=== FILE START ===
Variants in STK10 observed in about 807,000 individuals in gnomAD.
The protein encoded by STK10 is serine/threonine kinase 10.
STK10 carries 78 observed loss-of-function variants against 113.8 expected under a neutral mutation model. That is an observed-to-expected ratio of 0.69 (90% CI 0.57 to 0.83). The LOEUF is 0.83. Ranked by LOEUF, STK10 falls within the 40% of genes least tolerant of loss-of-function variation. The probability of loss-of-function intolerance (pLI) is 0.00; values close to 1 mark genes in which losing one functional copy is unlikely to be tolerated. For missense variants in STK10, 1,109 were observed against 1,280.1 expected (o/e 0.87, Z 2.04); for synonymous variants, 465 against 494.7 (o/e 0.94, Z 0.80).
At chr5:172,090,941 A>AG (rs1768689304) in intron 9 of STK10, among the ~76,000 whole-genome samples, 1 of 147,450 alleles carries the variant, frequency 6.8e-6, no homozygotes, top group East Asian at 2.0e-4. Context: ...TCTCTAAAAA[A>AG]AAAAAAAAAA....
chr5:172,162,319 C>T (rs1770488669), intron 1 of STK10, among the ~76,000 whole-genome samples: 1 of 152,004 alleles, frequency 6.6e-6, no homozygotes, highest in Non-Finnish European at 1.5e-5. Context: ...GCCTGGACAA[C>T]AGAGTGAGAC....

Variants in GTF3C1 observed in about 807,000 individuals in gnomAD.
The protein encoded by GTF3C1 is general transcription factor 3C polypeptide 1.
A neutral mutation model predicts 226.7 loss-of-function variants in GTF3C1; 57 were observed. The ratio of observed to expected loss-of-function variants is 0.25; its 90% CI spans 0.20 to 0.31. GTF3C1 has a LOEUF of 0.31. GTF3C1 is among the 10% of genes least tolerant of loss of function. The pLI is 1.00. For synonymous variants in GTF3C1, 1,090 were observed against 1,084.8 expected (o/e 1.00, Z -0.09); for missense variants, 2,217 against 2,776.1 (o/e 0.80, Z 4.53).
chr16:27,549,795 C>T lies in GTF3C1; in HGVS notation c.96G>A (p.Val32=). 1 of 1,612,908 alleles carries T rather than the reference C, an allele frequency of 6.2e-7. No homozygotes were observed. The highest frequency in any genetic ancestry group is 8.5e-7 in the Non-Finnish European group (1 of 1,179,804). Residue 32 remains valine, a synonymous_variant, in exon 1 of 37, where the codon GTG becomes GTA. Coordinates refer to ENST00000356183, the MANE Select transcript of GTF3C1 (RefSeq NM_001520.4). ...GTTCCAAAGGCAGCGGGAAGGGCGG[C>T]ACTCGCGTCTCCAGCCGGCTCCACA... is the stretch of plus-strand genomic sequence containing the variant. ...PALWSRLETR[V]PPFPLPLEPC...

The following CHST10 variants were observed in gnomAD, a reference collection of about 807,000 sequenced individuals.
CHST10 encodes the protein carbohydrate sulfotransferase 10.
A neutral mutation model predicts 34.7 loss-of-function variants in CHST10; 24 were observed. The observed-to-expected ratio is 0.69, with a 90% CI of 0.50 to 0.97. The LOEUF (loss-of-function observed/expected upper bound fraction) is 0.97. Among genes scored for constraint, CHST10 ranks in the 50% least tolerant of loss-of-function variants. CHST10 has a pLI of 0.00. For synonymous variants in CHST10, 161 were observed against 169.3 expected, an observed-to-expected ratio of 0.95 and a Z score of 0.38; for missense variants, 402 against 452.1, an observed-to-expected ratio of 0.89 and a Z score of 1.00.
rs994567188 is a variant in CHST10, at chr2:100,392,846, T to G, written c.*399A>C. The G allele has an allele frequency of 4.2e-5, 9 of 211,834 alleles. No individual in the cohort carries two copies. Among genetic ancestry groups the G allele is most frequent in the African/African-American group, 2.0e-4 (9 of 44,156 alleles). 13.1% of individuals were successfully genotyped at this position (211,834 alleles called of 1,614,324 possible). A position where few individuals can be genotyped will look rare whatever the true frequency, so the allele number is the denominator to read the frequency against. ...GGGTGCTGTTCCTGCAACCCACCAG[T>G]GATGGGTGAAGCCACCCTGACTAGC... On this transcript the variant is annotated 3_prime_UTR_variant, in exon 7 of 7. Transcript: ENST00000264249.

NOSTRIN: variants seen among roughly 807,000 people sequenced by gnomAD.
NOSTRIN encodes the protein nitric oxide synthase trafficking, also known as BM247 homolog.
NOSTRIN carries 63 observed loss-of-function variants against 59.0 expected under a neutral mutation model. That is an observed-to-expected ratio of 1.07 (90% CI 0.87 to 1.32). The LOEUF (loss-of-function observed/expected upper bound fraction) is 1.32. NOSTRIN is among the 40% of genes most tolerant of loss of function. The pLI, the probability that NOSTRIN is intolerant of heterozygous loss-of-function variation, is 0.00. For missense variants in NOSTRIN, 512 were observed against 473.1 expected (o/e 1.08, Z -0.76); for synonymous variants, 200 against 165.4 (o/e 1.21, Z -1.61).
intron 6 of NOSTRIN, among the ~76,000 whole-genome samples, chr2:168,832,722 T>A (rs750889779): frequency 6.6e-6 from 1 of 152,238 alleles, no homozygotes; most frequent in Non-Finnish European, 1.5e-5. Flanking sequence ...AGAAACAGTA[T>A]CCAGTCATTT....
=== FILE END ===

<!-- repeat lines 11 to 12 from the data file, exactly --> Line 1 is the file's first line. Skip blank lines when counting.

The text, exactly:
CHST10 encodes the protein carbohydrate sulfotransferase 10.
A neutral mutation model predicts 34.7 loss-of-function variants in CHST10; 24 were observed. The observed-to-expected ratio is 0.69, with a 90% CI of 0.50 to 0.97. The LOEUF (loss-of-function observed/expected upper bound fraction) is 0.97. Among genes scored for constraint, CHST10 ranks in the 50% least tolerant of loss-of-function variants. CHST10 has a pLI of 0.00. For synonymous variants in CHST10, 161 were observed against 169.3 expected, an observed-to-expected ratio of 0.95 and a Z score of 0.38; for missense variants, 402 against 452.1, an observed-to-expected ratio of 0.89 and a Z score of 1.00.